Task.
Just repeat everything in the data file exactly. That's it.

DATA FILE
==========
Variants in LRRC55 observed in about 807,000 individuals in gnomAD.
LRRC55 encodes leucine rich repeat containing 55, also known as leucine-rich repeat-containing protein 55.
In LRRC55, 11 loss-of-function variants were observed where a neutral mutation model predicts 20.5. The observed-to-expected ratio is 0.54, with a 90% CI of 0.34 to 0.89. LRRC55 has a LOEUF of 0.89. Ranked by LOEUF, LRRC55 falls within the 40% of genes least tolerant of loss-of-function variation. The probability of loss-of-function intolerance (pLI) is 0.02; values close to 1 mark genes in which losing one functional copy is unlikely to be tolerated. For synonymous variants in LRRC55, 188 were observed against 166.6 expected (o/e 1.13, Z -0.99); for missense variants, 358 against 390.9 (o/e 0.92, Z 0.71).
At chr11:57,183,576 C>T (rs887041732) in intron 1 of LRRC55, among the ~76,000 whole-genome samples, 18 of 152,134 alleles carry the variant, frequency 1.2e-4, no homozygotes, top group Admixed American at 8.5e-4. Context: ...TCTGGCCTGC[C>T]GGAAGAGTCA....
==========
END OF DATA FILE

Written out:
Variants in LRRC55 observed in about 807,000 individuals in gnomAD.
LRRC55 encodes leucine rich repeat containing 55, also known as leucine-rich repeat-containing protein 55.
In LRRC55, 11 loss-of-function variants were observed where a neutral mutation model predicts 20.5. The observed-to-expected ratio is 0.54, with a 90% CI of 0.34 to 0.89. LRRC55 has a LOEUF of 0.89. Ranked by LOEUF, LRRC55 falls within the 40% of genes least tolerant of loss-of-function variation. The probability of loss-of-function intolerance (pLI) is 0.02; values close to 1 mark genes in which losing one functional copy is unlikely to be tolerated. For synonymous variants in LRRC55, 188 were observed against 166.6 expected (o/e 1.13, Z -0.99); for missense variants, 358 against 390.9 (o/e 0.92, Z 0.71).
At chr11:57,183,576 C>T (rs887041732) in intron 1 of LRRC55, among the ~76,000 whole-genome samples, 18 of 152,134 alleles carry the variant, frequency 1.2e-4, no homozygotes, top group Admixed American at 8.5e-4. Context: ...TCTGGCCTGC[C>T]GGAAGAGTCA....